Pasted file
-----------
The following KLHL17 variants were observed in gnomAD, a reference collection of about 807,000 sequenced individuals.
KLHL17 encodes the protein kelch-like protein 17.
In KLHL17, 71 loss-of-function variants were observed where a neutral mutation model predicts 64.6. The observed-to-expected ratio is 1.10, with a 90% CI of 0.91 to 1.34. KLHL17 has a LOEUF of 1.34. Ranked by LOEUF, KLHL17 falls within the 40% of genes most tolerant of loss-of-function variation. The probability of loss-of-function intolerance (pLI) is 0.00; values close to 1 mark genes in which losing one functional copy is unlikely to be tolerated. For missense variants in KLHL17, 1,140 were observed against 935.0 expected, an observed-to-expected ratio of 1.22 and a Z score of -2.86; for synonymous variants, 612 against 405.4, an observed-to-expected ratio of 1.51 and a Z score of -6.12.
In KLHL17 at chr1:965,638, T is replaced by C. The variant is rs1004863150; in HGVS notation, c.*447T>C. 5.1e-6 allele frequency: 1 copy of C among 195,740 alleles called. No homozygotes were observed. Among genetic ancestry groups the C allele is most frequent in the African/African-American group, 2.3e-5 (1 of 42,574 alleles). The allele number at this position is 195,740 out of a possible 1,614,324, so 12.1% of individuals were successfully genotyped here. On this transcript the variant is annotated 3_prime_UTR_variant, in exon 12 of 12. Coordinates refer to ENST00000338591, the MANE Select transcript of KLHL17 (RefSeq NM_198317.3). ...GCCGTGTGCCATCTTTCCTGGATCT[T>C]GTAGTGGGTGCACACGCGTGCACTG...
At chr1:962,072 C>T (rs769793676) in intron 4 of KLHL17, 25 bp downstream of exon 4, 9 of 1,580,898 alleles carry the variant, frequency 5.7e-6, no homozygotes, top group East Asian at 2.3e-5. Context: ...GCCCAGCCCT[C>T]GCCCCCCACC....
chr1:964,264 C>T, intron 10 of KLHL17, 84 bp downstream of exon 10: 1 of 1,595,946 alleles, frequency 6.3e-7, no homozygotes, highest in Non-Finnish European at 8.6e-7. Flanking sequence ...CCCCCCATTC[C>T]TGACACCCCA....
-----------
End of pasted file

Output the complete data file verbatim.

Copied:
The following KLHL17 variants were observed in gnomAD, a reference collection of about 807,000 sequenced individuals.
KLHL17 encodes the protein kelch-like protein 17.
In KLHL17, 71 loss-of-function variants were observed where a neutral mutation model predicts 64.6. The observed-to-expected ratio is 1.10, with a 90% CI of 0.91 to 1.34. KLHL17 has a LOEUF of 1.34. Ranked by LOEUF, KLHL17 falls within the 40% of genes most tolerant of loss-of-function variation. The probability of loss-of-function intolerance (pLI) is 0.00; values close to 1 mark genes in which losing one functional copy is unlikely to be tolerated. For missense variants in KLHL17, 1,140 were observed against 935.0 expected, an observed-to-expected ratio of 1.22 and a Z score of -2.86; for synonymous variants, 612 against 405.4, an observed-to-expected ratio of 1.51 and a Z score of -6.12.
In KLHL17 at chr1:965,638, T is replaced by C. The variant is rs1004863150; in HGVS notation, c.*447T>C. 5.1e-6 allele frequency: 1 copy of C among 195,740 alleles called. No homozygotes were observed. Among genetic ancestry groups the C allele is most frequent in the African/African-American group, 2.3e-5 (1 of 42,574 alleles). The allele number at this position is 195,740 out of a possible 1,614,324, so 12.1% of individuals were successfully genotyped here. On this transcript the variant is annotated 3_prime_UTR_variant, in exon 12 of 12. Coordinates refer to ENST00000338591, the MANE Select transcript of KLHL17 (RefSeq NM_198317.3). ...GCCGTGTGCCATCTTTCCTGGATCT[T>C]GTAGTGGGTGCACACGCGTGCACTG...
At chr1:962,072 C>T (rs769793676) in intron 4 of KLHL17, 25 bp downstream of exon 4, 9 of 1,580,898 alleles carry the variant, frequency 5.7e-6, no homozygotes, top group East Asian at 2.3e-5. Context: ...GCCCAGCCCT[C>T]GCCCCCCACC....
chr1:964,264 C>T, intron 10 of KLHL17, 84 bp downstream of exon 10: 1 of 1,595,946 alleles, frequency 6.3e-7, no homozygotes, highest in Non-Finnish European at 8.6e-7. Flanking sequence ...CCCCCCATTC[C>T]TGACACCCCA....